FOR IMMEDIATE RELEASE
March 9, 2022
Last Chance Alliance: Gov. Newsom’s State of the State featured strong statements on climate, but was short on action
SACRAMENTO, CA — Yesterday Gov. Gavin Newsom delivered his annual state of the state address at the Department of Natural Resources, home to the agency that regulates the state’s oil drilling. During his speech he linked ongoing drilling to drought and climate-driven wildfires gripping the state. He once again emphasized the need to reduce the supply of California’s oil, alongside demand, but stopped short of announcing any new policies to accelerate the phase out timeline.
In 2021, Governor Newsom took many noteworthy steps to move California beyond oil including announcing a 2045 phaseout goal, a ban on new fracking, and a draft rule to prevent new neighborhood drilling. He’s also been vocal about the need to make fossil fuels “part of our past.” His 2022-23 proposed budget commits to a vision of an “oil-free future” but falls short on investments in supply-side policies to phase out oil extraction.
Climate, health, and environmental justice organizations with Last Chance Alliance have been advocating for an end to the state’s dangerous and dirty fossil fuel extraction since Gov. Newsom took office and they issued the following statements in response to his state of the state address:
“Governor Newsom’s strong words on fighting polluters were welcome, but what the communities of California desperately need are actions to back them up. The governor can act immediately to ban new oil and gas permits, and expand the health and safety buffer zones announced last year to include existing wells,” said Collin Rees, U.S. Program Manager at Oil Change International. “The ‘California Way’ means protecting vulnerable communities and being a national leader in confronting climate chaos. Newsom has a huge chance to do both, but it will require bold action and follow-through, not just nice words.”
“Governor Newsom’s climate and drought policies are deeply flawed and his State of the State address reflects that,” said Food & Water Watch’s California Director Alexandra Nagy. “Oil drilling permits are declining but not gone, and that is not good enough to address the climate crisis. Every new oil and gas permit that Newsom’s administration grants is a step backward for California’s climate and communities who lack clean water and a healthy environment. If Newsom truly wants to take up the mantle of climate leadership, he needs to stop issuing new oil and gas permits right away and ensure an equitable transition to renewable energy.”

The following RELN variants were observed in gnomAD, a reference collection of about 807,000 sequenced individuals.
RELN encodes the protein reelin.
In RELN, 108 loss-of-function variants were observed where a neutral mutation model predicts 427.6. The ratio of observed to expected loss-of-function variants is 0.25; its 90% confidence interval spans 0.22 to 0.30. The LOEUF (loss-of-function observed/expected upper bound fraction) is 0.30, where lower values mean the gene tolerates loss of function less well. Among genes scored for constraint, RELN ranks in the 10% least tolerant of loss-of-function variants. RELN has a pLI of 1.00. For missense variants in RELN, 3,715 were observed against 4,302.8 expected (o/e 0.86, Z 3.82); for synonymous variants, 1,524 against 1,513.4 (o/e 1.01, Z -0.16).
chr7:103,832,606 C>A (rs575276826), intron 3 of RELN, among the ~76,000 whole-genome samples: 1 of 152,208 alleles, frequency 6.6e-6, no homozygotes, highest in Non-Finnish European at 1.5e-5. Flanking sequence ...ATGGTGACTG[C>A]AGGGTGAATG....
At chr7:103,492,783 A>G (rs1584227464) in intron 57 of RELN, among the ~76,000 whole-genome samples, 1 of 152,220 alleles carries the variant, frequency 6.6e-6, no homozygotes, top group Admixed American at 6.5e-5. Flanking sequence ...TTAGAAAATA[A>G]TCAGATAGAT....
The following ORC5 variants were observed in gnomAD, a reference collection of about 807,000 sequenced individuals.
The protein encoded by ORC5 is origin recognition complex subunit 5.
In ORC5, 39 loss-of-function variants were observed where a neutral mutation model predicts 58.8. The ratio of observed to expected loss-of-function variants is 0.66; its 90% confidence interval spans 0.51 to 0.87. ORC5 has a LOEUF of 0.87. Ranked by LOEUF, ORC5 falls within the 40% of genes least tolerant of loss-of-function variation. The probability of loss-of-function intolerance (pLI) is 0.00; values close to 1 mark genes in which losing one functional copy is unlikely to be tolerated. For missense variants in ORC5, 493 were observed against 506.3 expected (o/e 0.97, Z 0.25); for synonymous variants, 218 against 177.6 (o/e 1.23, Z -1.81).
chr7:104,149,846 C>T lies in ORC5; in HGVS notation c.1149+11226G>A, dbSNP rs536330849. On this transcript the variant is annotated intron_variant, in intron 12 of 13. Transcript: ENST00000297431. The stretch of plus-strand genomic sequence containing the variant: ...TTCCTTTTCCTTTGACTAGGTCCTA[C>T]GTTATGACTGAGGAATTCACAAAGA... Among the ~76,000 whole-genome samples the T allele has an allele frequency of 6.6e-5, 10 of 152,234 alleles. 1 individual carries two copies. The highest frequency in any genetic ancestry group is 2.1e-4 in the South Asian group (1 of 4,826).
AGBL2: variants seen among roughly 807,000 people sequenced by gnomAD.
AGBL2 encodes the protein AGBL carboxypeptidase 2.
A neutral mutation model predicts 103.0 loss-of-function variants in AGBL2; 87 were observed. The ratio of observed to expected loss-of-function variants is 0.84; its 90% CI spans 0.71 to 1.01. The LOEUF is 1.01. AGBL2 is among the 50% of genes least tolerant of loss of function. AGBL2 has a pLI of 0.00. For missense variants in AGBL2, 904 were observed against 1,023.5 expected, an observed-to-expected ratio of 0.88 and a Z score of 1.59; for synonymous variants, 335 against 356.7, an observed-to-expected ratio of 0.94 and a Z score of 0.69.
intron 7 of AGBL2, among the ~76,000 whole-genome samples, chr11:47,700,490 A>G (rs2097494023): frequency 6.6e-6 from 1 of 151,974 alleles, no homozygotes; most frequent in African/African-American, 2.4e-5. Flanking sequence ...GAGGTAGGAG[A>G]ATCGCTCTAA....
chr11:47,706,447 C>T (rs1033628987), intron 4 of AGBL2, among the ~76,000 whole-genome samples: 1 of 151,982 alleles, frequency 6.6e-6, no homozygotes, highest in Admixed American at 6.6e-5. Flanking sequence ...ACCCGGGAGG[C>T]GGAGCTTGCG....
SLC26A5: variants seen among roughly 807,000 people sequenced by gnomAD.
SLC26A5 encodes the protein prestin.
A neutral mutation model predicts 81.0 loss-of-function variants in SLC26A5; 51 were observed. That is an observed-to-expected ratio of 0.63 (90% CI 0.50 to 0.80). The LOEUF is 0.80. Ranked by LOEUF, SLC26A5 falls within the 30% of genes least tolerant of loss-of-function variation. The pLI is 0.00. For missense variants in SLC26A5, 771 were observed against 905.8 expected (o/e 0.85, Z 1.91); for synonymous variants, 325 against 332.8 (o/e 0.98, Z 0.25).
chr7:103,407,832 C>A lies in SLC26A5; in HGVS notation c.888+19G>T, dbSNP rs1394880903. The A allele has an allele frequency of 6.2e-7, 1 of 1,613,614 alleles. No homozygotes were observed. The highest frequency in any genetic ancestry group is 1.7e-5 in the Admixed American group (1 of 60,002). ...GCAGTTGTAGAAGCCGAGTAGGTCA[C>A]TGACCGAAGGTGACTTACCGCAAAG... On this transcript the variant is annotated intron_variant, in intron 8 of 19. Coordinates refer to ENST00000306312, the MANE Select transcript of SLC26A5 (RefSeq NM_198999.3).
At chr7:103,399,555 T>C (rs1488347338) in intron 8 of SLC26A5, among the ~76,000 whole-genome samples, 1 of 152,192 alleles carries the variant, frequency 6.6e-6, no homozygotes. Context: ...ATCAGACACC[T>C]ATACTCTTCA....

“California has fallen behind on climate action because oil and gas interests have a stranglehold in Sacramento,” said The Climate Center CEO Ellie Cohen. “For Governor Newsom to restore California’s global climate leadership, he and the entire legislature need to consistently listen to people over fossil fuel lobbyists. We urge Governor Newsom to use his executive powers to halt all new oil and gas infrastructure permits and invest in a just transition for impacted workers and communities. We also hope he will see through greenwashed oil and gas industry PR spin and reject false solutions that lock in more fossil fuel pollution. Pursuing proven, equitable climate solutions today will save countless lives and dollars down the line.”